Car_Following_Models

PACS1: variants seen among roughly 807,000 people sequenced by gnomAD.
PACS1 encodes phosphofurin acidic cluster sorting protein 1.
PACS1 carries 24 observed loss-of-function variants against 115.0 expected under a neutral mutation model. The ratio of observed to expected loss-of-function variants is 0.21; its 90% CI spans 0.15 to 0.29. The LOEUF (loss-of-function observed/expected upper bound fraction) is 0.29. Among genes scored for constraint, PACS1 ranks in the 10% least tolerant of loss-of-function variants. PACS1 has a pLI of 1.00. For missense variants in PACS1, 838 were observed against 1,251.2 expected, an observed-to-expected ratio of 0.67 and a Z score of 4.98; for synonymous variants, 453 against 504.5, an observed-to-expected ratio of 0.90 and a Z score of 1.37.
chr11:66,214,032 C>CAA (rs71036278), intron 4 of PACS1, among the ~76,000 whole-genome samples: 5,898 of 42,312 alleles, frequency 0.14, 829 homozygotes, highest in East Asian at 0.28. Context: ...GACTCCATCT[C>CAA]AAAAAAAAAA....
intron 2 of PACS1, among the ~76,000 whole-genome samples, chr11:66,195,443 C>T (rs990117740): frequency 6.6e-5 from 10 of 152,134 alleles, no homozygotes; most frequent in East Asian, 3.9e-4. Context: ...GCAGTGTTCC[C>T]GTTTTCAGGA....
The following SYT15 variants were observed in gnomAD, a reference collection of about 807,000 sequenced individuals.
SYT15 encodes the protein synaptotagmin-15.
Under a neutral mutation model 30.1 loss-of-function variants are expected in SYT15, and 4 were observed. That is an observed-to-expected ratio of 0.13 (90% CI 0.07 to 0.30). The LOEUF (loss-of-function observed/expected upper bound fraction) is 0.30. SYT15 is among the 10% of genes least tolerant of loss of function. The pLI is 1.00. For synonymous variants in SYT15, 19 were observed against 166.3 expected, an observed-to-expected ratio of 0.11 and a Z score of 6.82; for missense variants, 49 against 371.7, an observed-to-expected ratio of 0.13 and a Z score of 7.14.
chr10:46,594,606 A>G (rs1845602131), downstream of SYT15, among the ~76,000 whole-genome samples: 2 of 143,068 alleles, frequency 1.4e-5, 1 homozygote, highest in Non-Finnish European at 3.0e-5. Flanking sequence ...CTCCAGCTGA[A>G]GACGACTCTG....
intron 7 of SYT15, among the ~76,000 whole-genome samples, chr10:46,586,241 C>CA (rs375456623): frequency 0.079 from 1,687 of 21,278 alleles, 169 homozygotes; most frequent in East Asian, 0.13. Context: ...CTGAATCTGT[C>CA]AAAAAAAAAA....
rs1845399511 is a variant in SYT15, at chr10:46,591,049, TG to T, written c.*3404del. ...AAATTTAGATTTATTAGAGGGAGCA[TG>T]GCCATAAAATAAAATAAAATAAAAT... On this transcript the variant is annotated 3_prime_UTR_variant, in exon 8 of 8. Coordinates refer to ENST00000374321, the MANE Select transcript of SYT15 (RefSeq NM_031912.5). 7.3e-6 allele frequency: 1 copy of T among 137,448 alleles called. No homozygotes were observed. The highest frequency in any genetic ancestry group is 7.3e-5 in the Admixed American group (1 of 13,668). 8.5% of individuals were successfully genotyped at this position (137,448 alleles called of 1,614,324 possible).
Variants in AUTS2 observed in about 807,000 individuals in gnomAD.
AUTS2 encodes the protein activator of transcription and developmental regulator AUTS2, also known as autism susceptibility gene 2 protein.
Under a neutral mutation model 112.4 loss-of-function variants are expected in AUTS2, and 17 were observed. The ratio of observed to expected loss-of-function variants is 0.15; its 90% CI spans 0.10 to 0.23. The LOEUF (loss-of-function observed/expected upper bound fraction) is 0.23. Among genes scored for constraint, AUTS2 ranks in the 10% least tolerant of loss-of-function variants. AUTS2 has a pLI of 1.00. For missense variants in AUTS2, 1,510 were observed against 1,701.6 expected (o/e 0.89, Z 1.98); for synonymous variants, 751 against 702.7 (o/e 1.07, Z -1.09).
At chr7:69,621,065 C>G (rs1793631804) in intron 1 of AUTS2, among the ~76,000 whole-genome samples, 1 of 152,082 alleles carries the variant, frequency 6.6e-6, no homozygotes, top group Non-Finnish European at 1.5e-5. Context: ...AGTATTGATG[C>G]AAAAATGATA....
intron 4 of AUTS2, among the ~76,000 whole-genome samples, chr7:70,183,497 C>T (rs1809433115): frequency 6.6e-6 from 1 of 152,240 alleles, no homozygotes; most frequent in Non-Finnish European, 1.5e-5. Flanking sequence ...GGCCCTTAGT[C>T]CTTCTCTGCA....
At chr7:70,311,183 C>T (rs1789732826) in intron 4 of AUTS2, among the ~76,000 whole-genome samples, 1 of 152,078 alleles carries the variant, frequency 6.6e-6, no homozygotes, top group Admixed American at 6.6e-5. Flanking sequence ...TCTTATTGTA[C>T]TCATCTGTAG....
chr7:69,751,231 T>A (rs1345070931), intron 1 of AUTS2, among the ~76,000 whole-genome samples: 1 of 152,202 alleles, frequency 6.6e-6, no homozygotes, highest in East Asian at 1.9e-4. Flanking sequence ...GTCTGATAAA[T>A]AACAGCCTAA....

Car_Following_Models - Introduction to Transportation...